Thesis Abstracts

Abstract PhD Thesis Dr Alex Hellens

‘No Man is an Island: Dethinking Island Methodologies’

By Dr Alex Hellens

Abstract PhD Thesis Dr Alex Hellens

CIRCL PhD student Alex Hellens passed his PhD on 25-06-2024 with his PhD thesis on ‘No Man is an Island: Dethinking Island Methodologies’. Supervisor: Professor Karin Lesnik-Oberstein; External Examiner: Professor Wendy O’Shea-Meddour of the University of Exeter; Internal Examiner: Dr Sue Walsh.

Abstract of thesis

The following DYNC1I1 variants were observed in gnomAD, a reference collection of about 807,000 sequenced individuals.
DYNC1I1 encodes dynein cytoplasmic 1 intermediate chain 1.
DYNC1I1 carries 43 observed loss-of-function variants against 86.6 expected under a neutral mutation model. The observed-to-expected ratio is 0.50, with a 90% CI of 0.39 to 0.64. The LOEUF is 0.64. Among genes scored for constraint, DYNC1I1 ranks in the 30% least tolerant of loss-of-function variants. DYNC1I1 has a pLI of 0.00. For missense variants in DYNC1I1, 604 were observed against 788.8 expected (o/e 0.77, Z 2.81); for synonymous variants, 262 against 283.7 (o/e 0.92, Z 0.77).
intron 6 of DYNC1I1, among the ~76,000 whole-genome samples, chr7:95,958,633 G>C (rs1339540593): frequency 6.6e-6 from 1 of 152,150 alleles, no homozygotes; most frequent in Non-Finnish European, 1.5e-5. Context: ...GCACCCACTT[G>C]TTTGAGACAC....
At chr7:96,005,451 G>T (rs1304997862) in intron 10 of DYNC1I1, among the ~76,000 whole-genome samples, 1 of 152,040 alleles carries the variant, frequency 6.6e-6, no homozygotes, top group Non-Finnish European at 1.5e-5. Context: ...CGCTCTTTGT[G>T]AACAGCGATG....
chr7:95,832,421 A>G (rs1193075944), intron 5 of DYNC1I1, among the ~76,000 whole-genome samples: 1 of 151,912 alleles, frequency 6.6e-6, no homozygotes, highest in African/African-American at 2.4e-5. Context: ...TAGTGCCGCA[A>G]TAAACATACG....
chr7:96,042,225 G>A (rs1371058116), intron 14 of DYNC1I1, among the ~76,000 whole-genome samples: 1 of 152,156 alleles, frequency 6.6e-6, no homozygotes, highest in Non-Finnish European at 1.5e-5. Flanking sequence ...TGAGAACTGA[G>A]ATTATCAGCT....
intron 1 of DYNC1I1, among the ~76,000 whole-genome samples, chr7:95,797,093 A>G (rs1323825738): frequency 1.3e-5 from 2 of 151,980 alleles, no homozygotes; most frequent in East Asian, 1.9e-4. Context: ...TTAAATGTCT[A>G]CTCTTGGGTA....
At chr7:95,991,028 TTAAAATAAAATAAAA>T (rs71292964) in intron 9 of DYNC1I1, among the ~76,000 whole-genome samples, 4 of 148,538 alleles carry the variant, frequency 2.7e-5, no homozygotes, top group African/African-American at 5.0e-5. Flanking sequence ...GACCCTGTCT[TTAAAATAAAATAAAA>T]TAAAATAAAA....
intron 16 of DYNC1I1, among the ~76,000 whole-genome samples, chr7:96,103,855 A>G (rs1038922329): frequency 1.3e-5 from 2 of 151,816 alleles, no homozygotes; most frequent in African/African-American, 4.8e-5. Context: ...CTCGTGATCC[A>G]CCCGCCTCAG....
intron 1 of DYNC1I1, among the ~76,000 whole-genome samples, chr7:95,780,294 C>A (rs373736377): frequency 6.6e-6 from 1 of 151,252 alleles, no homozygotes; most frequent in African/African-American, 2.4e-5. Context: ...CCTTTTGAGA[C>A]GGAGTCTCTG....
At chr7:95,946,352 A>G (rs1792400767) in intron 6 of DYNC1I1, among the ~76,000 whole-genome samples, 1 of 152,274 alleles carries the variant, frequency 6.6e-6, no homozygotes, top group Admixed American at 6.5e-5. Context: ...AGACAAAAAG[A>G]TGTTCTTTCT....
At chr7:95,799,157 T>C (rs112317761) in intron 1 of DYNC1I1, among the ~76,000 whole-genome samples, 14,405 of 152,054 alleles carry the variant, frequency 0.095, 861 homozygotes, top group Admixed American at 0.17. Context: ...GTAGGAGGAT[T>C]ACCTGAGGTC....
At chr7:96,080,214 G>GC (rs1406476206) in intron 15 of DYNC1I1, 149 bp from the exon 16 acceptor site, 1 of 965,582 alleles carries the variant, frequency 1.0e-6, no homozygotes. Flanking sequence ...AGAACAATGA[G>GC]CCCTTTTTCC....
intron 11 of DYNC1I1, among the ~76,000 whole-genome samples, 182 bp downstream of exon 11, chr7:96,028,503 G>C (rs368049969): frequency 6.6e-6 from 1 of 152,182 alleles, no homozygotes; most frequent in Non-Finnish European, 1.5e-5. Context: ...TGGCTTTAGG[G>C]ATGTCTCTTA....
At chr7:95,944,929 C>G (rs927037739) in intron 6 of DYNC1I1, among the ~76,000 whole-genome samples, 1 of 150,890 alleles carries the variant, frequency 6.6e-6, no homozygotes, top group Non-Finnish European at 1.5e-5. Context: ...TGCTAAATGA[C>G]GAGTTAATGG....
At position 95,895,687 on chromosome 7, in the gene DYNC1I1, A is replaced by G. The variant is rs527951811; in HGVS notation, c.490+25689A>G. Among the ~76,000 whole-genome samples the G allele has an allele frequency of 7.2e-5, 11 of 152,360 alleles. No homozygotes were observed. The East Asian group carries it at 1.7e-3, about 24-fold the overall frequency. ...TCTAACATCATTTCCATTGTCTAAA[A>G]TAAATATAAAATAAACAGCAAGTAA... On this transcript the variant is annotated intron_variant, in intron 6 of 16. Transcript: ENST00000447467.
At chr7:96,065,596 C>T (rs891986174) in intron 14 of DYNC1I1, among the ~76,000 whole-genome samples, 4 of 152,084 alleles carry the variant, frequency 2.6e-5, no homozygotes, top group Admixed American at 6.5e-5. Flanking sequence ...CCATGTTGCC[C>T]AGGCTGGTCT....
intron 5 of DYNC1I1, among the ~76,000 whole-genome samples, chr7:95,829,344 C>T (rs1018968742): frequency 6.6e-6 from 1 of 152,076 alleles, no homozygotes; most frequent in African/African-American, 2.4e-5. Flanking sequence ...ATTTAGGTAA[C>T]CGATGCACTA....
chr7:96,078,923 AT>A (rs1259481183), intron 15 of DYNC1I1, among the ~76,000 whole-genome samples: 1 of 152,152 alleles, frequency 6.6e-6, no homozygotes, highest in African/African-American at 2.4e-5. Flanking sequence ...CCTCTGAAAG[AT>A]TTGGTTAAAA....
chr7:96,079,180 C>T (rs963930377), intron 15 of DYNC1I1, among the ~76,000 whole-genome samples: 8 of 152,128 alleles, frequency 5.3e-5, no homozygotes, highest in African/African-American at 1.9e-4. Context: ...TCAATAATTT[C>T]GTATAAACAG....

This thesis provides readings of identity and/as islands in a range of disciplines from the perspective of Jacques Derrida’s The Beast and the Sovereign (2010) in which he states repeatedly: ‘What is an island?’, to consider how perspective matters in the formation of identifications. I begin by reading a key work in critical psychology, Changing the Subject (Henriques, et al., 1984), on educational pedagogies, to illustrate a parallel issue between the analysis of certain problems in education, which are still current, and the rethinking that has taken place with relation to island studies. For me, in spite of the copious amounts of ‘rethinking’ that have taken place in various related discourses, ‘dethinking’ is very much about a deconstruction of the claim to ‘rethink’ what island studies are. ‘(Not) In the Land of Israel’ is a play on the title of the first chapter in Jacqueline Rose’s States of Fantasy (1994), in which I read the claims to various states: ‘belonging’, ‘travelling’ and ‘returning’ and the politics of representation(s). ‘Little petri dishes floating in a saltwater medium’ is a reading of how ‘islands’, ‘brain’, and the ‘antipodes’ are constructed with respect to a number of texts, including a mappamundi from a twelfth-century encyclopaedia. Following this, ‘The desert of the real’ addresses maps. I read the construction of maps in relation to J. M. Barrie’s Peter Pan (1911) and the mapping of authority in two iterations of Captain James Cook’s Endeavour journals.